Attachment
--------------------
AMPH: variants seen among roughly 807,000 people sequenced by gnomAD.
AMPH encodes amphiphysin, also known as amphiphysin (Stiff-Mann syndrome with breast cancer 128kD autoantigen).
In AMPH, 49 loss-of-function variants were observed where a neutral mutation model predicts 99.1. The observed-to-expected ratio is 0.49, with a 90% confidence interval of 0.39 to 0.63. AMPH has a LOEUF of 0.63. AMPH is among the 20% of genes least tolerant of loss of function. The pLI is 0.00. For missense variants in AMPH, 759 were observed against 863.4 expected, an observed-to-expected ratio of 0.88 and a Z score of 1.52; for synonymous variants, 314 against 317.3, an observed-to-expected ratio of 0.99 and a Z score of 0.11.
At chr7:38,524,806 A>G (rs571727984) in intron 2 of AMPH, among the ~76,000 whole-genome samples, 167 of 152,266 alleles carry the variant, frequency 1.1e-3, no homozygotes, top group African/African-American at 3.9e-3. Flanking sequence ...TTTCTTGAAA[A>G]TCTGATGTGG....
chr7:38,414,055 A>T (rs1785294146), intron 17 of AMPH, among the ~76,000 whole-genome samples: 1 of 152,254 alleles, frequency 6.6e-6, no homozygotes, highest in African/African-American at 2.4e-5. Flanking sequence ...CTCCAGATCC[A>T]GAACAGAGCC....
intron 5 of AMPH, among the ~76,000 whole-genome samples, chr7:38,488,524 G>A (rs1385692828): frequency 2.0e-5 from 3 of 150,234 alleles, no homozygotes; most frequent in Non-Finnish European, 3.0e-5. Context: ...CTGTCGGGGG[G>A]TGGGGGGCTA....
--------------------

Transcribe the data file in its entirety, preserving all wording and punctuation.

AMPH: variants seen among roughly 807,000 people sequenced by gnomAD.
AMPH encodes amphiphysin, also known as amphiphysin (Stiff-Mann syndrome with breast cancer 128kD autoantigen).
In AMPH, 49 loss-of-function variants were observed where a neutral mutation model predicts 99.1. The observed-to-expected ratio is 0.49, with a 90% confidence interval of 0.39 to 0.63. AMPH has a LOEUF of 0.63. AMPH is among the 20% of genes least tolerant of loss of function. The pLI is 0.00. For missense variants in AMPH, 759 were observed against 863.4 expected, an observed-to-expected ratio of 0.88 and a Z score of 1.52; for synonymous variants, 314 against 317.3, an observed-to-expected ratio of 0.99 and a Z score of 0.11.
At chr7:38,524,806 A>G (rs571727984) in intron 2 of AMPH, among the ~76,000 whole-genome samples, 167 of 152,266 alleles carry the variant, frequency 1.1e-3, no homozygotes, top group African/African-American at 3.9e-3. Flanking sequence ...TTTCTTGAAA[A>G]TCTGATGTGG....
chr7:38,414,055 A>T (rs1785294146), intron 17 of AMPH, among the ~76,000 whole-genome samples: 1 of 152,254 alleles, frequency 6.6e-6, no homozygotes, highest in African/African-American at 2.4e-5. Flanking sequence ...CTCCAGATCC[A>T]GAACAGAGCC....
intron 5 of AMPH, among the ~76,000 whole-genome samples, chr7:38,488,524 G>A (rs1385692828): frequency 2.0e-5 from 3 of 150,234 alleles, no homozygotes; most frequent in Non-Finnish European, 3.0e-5. Context: ...CTGTCGGGGG[G>A]TGGGGGGCTA....